Foods develop bacterial growth when moisture, warm temperatures, high pH levels, and oxygen from the air provide conditions for growth.
Food rich in protein, sugar and nutrients helps bacteria to thrive. Foods that do not support bacterial growth have a low pH level, no protein, and nutrients that help bacteria grow.
Foods that do not support bacterial growth are raw fruits and vegetables, frozen meats, frozen poultry, frozen seafood, and frozen produce. Other foods included in this group are dry foods, canned foods, dry spices, and acidic foods.
Salt, sugar, vinegar, and alcohol have properties that produce high acidity and antibacterial properties that stop bacteria from growing. Controlling food contamination and illness from bacteria prevents food borne illness.
What is Bacterial Growth?
When bacteria develop in food, water and moisture must be present. Water in food connects to the food molecules. Foods cooked with water will promote the growth of bacteria.
Food high in nutrients, sugar, and protein gives bacteria what it needs to grow. Leaving food out on the counter, table, or outdoors at temperatures of 40 to 140 degrees promotes the growth of bacteria. Oxygen from the air or in refrigerators often causes spoilage.
The pH scale measures the acidity and alkalinity of food. Food with low pH levels do not promote bacterial growth. Foods preserved in vinegar, salt, and acidic solutions do not develop bacterial growth due to high acid levels.
Bacteria need time to grow, and a cell can divide into two cells under the right conditions in 20-30 minutes. Once you have eaten, the food digested continues to produce bacteria and toxins in the body.
When looking for signs of bacterial growth on food, look for mold, slime, an unpleasant smell, strange taste, foam, cans that swell, and brown or black spots on produce. When food has these signs of spoilage, discard it.
Foods That Do Not Promote Bacterial Growth
Raw Fruits and Vegetables
Raw fruits and vegetables do not have the moisture that cooked food does. Some types of fruits and vegetables only last a few days and need to be used quickly.
Refrigerate them and keep them away from humid and warm temperatures.
Vegetables with less moisture, like carrots, potatoes, onions, garlic, ginger, squash, do not spoil, and can be kept longer. Refrigerate fruits and eat within a week to prevent bacterial growth.
Berries, peaches, and melons will grow bacteria or mold when left too long in the refrigerator.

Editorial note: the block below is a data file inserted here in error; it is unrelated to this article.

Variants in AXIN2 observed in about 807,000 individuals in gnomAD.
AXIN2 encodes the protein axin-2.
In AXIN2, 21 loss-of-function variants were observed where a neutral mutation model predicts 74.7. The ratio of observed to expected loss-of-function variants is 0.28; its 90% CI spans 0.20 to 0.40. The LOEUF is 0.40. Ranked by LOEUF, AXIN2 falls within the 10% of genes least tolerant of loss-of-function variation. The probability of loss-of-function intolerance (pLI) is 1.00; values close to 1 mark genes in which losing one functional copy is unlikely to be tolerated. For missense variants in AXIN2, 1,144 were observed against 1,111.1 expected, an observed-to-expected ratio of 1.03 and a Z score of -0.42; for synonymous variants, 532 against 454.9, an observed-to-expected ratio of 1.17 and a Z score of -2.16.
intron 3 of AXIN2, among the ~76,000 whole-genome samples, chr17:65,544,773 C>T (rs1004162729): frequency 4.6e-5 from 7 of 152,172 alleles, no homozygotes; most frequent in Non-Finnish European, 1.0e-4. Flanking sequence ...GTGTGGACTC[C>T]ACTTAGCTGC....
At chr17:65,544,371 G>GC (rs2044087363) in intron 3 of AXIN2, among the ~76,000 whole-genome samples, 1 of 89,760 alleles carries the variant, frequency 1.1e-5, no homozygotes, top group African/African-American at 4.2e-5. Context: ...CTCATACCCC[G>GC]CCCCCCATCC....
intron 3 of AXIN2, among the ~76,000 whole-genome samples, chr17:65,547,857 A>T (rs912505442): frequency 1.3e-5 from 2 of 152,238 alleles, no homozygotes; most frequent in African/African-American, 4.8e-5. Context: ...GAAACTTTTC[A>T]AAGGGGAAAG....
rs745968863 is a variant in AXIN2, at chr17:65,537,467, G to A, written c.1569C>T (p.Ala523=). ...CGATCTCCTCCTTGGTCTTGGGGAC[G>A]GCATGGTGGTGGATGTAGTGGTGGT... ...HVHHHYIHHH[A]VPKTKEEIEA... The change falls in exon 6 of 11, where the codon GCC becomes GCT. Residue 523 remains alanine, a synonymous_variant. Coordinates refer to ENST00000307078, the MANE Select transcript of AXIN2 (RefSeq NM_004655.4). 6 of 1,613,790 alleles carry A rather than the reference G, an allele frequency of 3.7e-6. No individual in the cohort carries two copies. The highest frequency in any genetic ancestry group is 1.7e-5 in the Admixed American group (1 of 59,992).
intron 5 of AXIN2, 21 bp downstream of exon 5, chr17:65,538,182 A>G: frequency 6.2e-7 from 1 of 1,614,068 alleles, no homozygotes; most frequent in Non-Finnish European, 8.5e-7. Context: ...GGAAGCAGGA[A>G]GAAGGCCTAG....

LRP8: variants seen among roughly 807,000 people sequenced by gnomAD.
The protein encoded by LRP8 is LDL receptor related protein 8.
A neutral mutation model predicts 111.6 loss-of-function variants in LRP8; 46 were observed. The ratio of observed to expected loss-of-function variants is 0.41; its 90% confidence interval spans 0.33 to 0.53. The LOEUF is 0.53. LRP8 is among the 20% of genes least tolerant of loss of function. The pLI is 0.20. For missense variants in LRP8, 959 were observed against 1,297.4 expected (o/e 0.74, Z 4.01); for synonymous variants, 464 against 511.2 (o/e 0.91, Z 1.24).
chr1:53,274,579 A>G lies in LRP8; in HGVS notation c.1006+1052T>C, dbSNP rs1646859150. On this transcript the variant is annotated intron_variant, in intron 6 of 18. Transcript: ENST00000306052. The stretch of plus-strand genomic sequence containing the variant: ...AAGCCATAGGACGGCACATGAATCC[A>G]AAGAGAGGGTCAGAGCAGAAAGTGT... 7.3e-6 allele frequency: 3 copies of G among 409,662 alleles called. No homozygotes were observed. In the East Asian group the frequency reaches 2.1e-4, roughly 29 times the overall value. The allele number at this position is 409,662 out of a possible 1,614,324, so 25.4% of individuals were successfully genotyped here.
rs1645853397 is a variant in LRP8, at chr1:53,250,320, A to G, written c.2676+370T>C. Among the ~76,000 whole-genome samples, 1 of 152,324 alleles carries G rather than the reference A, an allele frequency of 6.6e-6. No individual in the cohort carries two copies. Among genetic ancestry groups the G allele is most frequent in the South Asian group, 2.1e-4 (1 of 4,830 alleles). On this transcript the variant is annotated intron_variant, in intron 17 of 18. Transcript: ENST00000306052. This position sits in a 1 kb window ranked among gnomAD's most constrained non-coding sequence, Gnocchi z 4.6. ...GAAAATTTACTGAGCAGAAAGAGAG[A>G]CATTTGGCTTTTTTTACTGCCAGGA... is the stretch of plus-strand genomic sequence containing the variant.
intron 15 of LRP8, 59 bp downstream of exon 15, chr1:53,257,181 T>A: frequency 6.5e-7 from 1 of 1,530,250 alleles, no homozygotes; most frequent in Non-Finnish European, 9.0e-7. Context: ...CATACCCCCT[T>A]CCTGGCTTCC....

Frozen fruit and vegetables do not develop bacteria because the cold temperatures in the freezer prevent moisture and air from getting in.
Once defrosted, fruit and vegetables should be eaten, refrigerated, or cooked. Canned fruits and vegetables last several months due to lack of air and the sterilization process. Fruits and vegetables preserved in salt or sugar solutions last several months.
Frozen Meats, Poultry and Seafood and Salted and Cured Meats
Freezing beef, pork, lamb, chicken, turkey, and seafood in the freezer keeps temperatures cold, and moisture and air from creating bacteria.
When you buy these foods, it is important to freeze what you do not plan to use immediately. Preserved and smoked meats like sausage, salami, pepperoni, and ham are preserved to prevent bacterial growth.
They should be refrigerated or kept in a cool dry place.
Dry Foods Grains, Rice, and Flour
Pasta does not promote bacterial growth when it is dry. Pasta made from white flour, whole wheat flour, and other grains stays well in dry cool areas.
White, brown, or other types of rice can be stored in plastic or glass containers. White, whole-wheat flour and gluten free flour, if stored properly, do not grow bacteria.
Store dry items, including dry milk and eggs, in airtight containers or in the refrigerator after opening. After cooking grains, store them in containers with lids in the refrigerator.
Nuts, Seeds, and Beans
Nuts, seeds, and dry beans lack moisture and do not promote bacterial growth. They store well in covered containers in the pantry for several months.
Cooked beans should be refrigerated or frozen to keep them safe for eating. Nuts and seeds often have salt or sugar added as an ingredient that preserves food. These are all reasons they do not promote bacterial growth.
Dry Herbs and Spices
Dried spices refer to the seeds, bark, fruit, or roots of the plant. Herbs refer to the plant’s stems, leaves, or flowers.
Dried herbs and spices have no moisture or air because they are packaged in plastic containers or glass with lids. Spices and herbs last many years when stored properly.
Pickles, peppers, and other vegetables preserved in solutions with vinegar, acid, or salt do not develop bacteria. The acid stops bacteria from growing and so do salt solutions.
Storing these foods in an airtight glass jar prevents moisture and air from promoting the growth of bacteria. They can be stored for several months safely.
How long can food last before it supports bacterial growth?
It depends on the type of food it is, how it is packed and stored. Storing food in the refrigerator, freezer, or a dry, cool place prevents bacterial growth.
Food packaged in airtight containers will last longer. Frozen and refrigerated food will last longer than food stored at room temperature.
What are ways to keep food from growing bacteria?
Storing food in the refrigerator or freezer will keep it from growing bacteria. Washing food before cooking it and cooking at the right temperature keeps bacteria from growing.
Store food in containers after cooking with lids in the refrigerator. When food has signs of bacterial growth, it is important to throw it away and sterilize the container.
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